Doug Sharp, owner of RV&E Bike and Skate in Fairport, is an avid cyclist with an active family. When COVID-19 struck and New York went on Pause, helping others stay mobile became even more important. Fortunately, RV&E was able to continue doing so.
“We were deemed essential and stayed open on a limited basis with appointments only,” said Sharp. With fewer employees and most communication now taking place via telephone, he had his hands full. “Our phone turned into our primary stream of business, and it almost felt like we were in a call center,” Sharp recalled. “We had never kept a day calendar before, and now we were putting all our appointments in one. With reduced staff that first month, it became very chaotic, particularly when people realize we were open when they couldn’t go to many other places.”
Sharp praised customers for their patience and understanding. “Our customers arrived on time and politely waited their turn,” he said. “We filled ever time slot we had open. Perhaps not surprisingly, we saw an uptick of people just being outside and doing approved recreational sports like cycling which nearly everyone can do. People needed bicycles, tires, repairs…you name it. Our Service Department has been very busy.” It is showing no signs of slowing.
“We have new bikes that come in each day,” confirmed Sharp. “Even so, we may only have one adult currently available currently; the rest are pre-ordered and waiting for delivery because the industry is experiencing a shortage. People have been buying everything they need and even things they do not. The world has turned upside down with delays in us receiving even small parts for repairs at times. We have been working at a grueling pace.”
Customer appreciation continues to make all the difference. “Our community has absolutely paid attention to and supported local businesses including ours,” said Sharp. “They have been phenomenal, and we couldn’t be any happier with that. When they thank us for being here, being open, providing what the big box stores do not, we feel like it’s really worth it.”
“We know we were one of the lucky ones,” admits Sharp. “It grew very quiet in the Village of Fairport. There were very few cars on the road, and people were understanding, listened to what they were supposed to do, and stayed inside for the first month or so. Our doors did not reopen until Phase III. Now, we have our college students back, and it has been busy every day.”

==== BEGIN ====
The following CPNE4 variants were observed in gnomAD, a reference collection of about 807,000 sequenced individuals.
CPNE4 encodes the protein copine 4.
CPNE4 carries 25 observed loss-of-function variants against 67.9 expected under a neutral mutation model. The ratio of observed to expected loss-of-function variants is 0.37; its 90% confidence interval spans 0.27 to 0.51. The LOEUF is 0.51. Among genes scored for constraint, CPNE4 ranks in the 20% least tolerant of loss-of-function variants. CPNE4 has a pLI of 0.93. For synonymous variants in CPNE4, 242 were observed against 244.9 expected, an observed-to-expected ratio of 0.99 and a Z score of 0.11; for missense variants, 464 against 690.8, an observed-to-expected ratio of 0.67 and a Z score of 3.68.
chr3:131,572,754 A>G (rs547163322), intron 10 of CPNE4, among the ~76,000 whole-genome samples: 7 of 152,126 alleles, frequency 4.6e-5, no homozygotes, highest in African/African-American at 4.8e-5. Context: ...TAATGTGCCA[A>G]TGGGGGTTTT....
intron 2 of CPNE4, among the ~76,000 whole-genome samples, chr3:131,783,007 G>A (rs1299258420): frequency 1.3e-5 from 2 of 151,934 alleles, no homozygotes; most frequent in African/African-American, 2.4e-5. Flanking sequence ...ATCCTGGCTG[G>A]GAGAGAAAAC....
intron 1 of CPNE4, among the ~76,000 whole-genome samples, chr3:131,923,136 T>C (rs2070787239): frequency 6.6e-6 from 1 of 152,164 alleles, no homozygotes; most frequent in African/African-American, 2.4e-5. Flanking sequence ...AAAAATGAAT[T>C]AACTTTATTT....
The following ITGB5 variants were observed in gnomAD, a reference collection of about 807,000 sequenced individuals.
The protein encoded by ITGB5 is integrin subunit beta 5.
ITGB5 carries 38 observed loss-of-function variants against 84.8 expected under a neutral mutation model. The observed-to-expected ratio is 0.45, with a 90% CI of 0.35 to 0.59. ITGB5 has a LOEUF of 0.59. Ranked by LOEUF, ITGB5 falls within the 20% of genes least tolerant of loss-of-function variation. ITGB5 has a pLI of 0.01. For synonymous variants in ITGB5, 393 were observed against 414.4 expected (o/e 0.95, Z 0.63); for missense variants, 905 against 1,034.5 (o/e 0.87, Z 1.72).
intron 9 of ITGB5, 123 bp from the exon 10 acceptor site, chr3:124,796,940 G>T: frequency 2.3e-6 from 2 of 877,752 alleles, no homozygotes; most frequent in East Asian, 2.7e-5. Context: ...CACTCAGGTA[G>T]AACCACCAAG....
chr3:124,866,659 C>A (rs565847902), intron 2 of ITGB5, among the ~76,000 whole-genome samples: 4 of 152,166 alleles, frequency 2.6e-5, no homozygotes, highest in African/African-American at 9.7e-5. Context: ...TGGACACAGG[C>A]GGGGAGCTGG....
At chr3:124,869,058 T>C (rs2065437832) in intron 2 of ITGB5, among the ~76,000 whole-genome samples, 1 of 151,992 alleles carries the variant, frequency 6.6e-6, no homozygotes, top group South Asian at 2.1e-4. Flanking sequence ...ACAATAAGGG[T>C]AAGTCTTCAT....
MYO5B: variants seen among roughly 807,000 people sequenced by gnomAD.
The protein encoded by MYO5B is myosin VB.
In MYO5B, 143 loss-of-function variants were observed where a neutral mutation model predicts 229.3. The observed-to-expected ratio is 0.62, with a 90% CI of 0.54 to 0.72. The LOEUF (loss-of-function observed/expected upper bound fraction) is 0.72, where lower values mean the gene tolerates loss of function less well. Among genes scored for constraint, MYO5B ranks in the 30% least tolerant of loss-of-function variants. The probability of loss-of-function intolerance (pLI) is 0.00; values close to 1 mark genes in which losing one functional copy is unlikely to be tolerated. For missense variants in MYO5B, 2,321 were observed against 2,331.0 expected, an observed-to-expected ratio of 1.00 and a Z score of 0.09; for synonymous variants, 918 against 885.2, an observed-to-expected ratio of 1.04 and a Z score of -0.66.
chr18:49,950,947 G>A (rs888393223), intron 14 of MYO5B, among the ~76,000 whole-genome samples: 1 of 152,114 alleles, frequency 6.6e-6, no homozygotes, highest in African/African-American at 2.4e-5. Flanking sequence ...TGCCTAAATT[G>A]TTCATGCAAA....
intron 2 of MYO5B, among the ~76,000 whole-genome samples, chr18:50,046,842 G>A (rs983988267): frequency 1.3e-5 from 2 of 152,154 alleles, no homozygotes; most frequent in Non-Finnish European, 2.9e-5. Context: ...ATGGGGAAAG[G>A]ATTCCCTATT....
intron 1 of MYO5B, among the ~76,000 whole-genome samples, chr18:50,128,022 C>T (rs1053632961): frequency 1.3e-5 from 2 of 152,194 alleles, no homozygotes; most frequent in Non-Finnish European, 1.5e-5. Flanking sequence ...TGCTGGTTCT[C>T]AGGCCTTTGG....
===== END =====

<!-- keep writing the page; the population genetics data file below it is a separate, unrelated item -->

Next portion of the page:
Fairport’s Liftbridge, which closed in September of last year, has been a cause of concern when it comes to traffic for local businesses. However, Sharp, who is also president of the Fairport-Perinton Merchants Association, states it hasn’t really stopped people from coming to RV&E Bike.
“Through the 2019 holidays, things were still very good for us with people using alternative routes,” explained Sharp. “Now, people continue to use alternative routes. We have been very lucky for that part.”
It wasn’t just luck. Sharp explained that the Fairport-Perinton Merchants Association, the Village, the Fairport-Perinton Partnership, the Fairport-Perinton Chamber and the Mayor and other local officials worked weekly to make certain there was a lot of signage which has been key in maintaining local traffic flow. “Even now, because of COVID, more people are out walking and checking out places maybe they normally wouldn’t,” he observed.
“The Fairport-Perinton Merchants Association also posts regular updates on our website regarding which members are open, closed, selling online and curbside,” said Sharp. “People are finding alternative ways of doing business and taking care of their customers. Our farmers market has even started again.”
Sharp encourages neighbors to continue to support area businesses as best they can. “While places are reopening, please continue to support them. Visit our website, www.FinditinFairport.com for the most up-to-date information about local businesses and know that we appreciate you.”